This is a rush transcript from "Hannity," May 13, 2010. This copy may not be in its final form and may be updated.
SEAN HANNITY, HOST: For weeks we have heard President Obama mischaracterize the Arizona immigration law. Now his outrageous comments have made it abundantly clear that he's never actually read the bill.
And just a short time ago on Capitol Hill America's top law enforcement official admitted he hasn't bothered reading the text of the legislation either. Watch this.
(BEGIN VIDEO CLIP)
CONGRESSMAN TED POE, R-TEXAS: I understand that you may file a lawsuit against the law. Seems to me the administration ought to be enforcing border security and immigration laws and not challenge them. And that the administration is on the wrong side of the American people.
Have you read the Arizona law?
ERIC HOLDER, ATTORNEY GENERAL: I have not had a chance to. I've glanced at it. I've not read it. But —
POE: It's 10 pages. It's a lot shorter than the health care bill which was 2,000 pages long. I'll give you my copy of it if you would like to have a copy.
Even though you haven't read the law, do you have an opinion as to whether it's constitutional?
HOLDER: I've not really — I have not been briefed yet.
(END OF VIDEO CLIP)
HANNITY: Alright, so he hasn't read it. He hasn't been briefed. But he has no trouble looking into the camera and telling you the American people this:
(BEGIN VIDEO CLIPS)
HOLDER: I think that law is an unfortunate one. I think it is, I fear, subject to potential abuse.
DAVID GREGORY, NBC'S "MEET THE PRESS": Arizona, what is specifically wrong with the anti-immigration law that has been passed there?
HOLDER: The concern I have about the law that they have passed is that I think it has the possibility of leading to racial profiling.
JAKE TAPPER, ABC'S "THIS WEEK": Do you think the Arizona immigration law is racist?
HOLDER: Well, I don't think it's necessarily a good idea.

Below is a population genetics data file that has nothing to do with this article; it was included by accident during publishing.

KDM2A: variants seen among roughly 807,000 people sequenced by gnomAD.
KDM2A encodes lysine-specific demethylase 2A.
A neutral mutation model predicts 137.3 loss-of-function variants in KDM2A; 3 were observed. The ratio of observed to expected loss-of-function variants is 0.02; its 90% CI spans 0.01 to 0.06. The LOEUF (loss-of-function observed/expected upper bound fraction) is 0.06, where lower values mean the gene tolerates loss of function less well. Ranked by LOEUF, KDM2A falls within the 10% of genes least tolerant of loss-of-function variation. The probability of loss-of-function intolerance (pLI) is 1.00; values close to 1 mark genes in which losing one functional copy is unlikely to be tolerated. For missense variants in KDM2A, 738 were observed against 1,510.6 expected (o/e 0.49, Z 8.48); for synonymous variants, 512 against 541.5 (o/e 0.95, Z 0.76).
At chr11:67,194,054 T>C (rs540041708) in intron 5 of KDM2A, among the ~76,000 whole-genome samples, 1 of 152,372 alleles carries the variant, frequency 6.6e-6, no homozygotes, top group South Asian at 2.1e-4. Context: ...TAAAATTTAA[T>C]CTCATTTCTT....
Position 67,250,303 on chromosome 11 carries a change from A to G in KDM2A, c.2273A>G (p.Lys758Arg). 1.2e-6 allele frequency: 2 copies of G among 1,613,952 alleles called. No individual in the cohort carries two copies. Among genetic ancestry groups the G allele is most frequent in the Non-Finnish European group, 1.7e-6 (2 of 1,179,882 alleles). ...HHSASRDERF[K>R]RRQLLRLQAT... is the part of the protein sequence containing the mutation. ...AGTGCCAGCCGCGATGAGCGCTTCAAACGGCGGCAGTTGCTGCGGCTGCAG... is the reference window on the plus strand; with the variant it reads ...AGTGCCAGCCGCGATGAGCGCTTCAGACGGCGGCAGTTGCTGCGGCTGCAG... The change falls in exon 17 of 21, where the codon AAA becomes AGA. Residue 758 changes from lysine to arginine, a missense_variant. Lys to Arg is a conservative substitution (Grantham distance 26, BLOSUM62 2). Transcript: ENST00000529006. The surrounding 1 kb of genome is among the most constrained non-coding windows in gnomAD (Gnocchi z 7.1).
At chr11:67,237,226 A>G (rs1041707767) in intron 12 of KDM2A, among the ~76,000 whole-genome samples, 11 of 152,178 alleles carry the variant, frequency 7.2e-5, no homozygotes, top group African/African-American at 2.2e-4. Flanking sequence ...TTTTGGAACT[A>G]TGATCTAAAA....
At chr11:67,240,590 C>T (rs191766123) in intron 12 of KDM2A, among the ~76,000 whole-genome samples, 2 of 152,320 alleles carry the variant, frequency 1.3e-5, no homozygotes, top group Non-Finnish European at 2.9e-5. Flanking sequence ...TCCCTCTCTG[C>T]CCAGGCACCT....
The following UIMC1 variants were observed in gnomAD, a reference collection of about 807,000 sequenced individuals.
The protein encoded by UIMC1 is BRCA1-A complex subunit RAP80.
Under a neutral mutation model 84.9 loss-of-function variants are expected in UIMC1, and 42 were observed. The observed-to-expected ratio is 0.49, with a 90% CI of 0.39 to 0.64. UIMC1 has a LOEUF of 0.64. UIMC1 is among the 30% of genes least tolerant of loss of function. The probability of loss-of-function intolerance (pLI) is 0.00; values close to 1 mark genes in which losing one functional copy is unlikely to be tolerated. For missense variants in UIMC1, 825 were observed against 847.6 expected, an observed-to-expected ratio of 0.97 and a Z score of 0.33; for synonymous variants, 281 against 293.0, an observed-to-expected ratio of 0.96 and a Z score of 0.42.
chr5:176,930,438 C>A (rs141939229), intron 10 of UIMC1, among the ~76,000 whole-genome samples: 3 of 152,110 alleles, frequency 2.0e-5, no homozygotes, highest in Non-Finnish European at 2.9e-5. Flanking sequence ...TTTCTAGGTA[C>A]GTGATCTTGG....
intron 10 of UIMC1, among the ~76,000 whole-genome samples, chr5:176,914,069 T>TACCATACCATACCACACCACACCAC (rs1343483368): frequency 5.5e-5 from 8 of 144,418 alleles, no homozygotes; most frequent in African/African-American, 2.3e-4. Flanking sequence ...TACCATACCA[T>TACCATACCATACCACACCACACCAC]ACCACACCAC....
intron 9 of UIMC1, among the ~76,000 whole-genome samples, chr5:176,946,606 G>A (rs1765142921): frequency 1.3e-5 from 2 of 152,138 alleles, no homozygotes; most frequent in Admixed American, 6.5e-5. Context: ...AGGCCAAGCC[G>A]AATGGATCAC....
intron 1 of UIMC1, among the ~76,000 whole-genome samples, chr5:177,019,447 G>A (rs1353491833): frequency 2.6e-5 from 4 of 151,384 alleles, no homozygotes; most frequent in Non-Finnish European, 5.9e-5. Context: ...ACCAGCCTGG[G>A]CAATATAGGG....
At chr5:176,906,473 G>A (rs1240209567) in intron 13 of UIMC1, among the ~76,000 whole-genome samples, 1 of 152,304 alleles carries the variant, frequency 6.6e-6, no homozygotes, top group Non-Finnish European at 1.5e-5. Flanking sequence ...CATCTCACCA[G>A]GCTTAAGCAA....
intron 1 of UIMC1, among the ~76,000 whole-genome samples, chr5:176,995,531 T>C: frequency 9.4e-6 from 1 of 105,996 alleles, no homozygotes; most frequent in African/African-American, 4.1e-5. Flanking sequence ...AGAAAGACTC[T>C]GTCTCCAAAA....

(END OF VIDEO CLIPS)
HANNITY: Alright, how would you know? You haven't even read the law.
Now meanwhile tonight, the hoop dreams of one high school girl's basketball team has turned into a nightmare thanks to the ridiculous uproar over the new Arizona immigration law.
Highland Park school administrators in Chicago have cancelled the team's trip to the state of Arizona because of the law. The school officials cite safety concerns for their decision but also said the trip, quote, "Would not be aligned with our beliefs and values."
In other words, this school is willing to throw out the months of hard work by this team simply because they want to make a political statement.
Tonight representatives of the Highland Park High School girl's basketball team are here to respond. And joining me now from Chicago are Highland Park student and former basketball player Kalie Greenberg and Lauren Evans who is also a student of the school and a member of the girls' basketball team.
Ladies, thank you for being with us. Welcome to "Hannity."
LAUREN EVANS, HIGHLAND PARK STUDENT AND BASKETBALL PLAYER: Thank you for having us.
KALIE GREENBERG, HIGHLAND PARK STUDENT AND FORMER BASKETBALL PLAYER: Thank you for having us.
HANNITY: That was perfect unison.
HANNITY: Alright. First of all, congratulations. For the first time in 26 years, you became conference champs, right? Lauren —
EVANS: Yes, we did.
HANNITY: How much work goes into that? You worked really hard to get there, right?
EVANS: Yes, definitely.
HANNITY: Right? And —
EVANS: A ton of works goes into it.
GREENBERG: They had practices all the time. They always had team dinners and bonding. And they worked really hard.
HANNITY: Yes. Alright. Listen, I remember, I was on the basketball team. Do have you guys have to do the suicides where you go up and down, and up and — alright. A lot of work, a lot of training.
EVANS: Yes. That's the worst.
HANNITY: Alright, so you won the championship. Excited to go to Arizona?
EVANS: Yes, definitely we're all really excited.
HANNITY: Mm-hmm. And I — tell us the story because I understand that all the girls on the team worked really hard to raise money — you were you selling cookies, I read. Tell us some of the efforts that you were involved in to get the money so that you could go to Arizona?
EVANS: Well, we started like doing bake sales and we had all these kind of things planned that we're going to do over the summer. We're going to do some car washes. Just all these different things to raise money.
GREENBERG: They made really good brownies.
HANNITY: Well, listen, I might buy some if you — if you could mail some, I think I'll take some. Well, look, you weren't really —
EVANS: I'll be sure to do that.
HANNITY: You can arrange that?
EVANS: Yes, I'll do that for you.
HANNITY: OK. It's a deal. You got it. Alright, now the school is citing safety reasons on the one hand. But on the other hand they're saying well, this Arizona law is not aligned with our beliefs and values.
What's — Lauren, what is going on?